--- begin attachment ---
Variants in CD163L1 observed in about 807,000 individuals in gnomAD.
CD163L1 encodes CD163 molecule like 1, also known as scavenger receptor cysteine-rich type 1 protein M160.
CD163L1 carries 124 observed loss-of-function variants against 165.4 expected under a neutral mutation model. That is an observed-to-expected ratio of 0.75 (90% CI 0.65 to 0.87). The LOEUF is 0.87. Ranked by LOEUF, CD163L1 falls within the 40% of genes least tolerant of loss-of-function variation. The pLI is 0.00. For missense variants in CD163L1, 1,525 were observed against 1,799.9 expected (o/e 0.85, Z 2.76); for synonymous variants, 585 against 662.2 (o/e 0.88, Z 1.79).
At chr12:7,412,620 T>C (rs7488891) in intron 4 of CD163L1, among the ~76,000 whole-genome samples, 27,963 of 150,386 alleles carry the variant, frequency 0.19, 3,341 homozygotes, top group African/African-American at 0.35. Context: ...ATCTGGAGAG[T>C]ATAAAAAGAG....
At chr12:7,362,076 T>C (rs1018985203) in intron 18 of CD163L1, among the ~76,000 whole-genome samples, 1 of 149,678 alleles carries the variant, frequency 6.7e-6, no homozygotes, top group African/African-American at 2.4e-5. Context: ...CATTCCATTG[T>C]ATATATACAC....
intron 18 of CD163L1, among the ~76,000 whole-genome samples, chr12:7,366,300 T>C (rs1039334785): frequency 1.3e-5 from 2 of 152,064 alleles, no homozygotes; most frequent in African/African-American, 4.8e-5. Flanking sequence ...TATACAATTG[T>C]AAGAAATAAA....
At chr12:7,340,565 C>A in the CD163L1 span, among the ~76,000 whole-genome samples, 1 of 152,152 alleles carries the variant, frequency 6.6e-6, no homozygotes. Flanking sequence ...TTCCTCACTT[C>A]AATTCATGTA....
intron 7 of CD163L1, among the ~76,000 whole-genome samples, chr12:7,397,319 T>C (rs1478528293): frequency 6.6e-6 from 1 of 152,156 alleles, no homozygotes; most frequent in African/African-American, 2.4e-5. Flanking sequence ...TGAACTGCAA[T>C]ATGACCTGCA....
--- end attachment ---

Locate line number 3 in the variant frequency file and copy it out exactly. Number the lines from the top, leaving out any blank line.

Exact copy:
CD163L1 carries 124 observed loss-of-function variants against 165.4 expected under a neutral mutation model. That is an observed-to-expected ratio of 0.75 (90% CI 0.65 to 0.87). The LOEUF is 0.87. Ranked by LOEUF, CD163L1 falls within the 40% of genes least tolerant of loss-of-function variation. The pLI is 0.00. For missense variants in CD163L1, 1,525 were observed against 1,799.9 expected (o/e 0.85, Z 2.76); for synonymous variants, 585 against 662.2 (o/e 0.88, Z 1.79).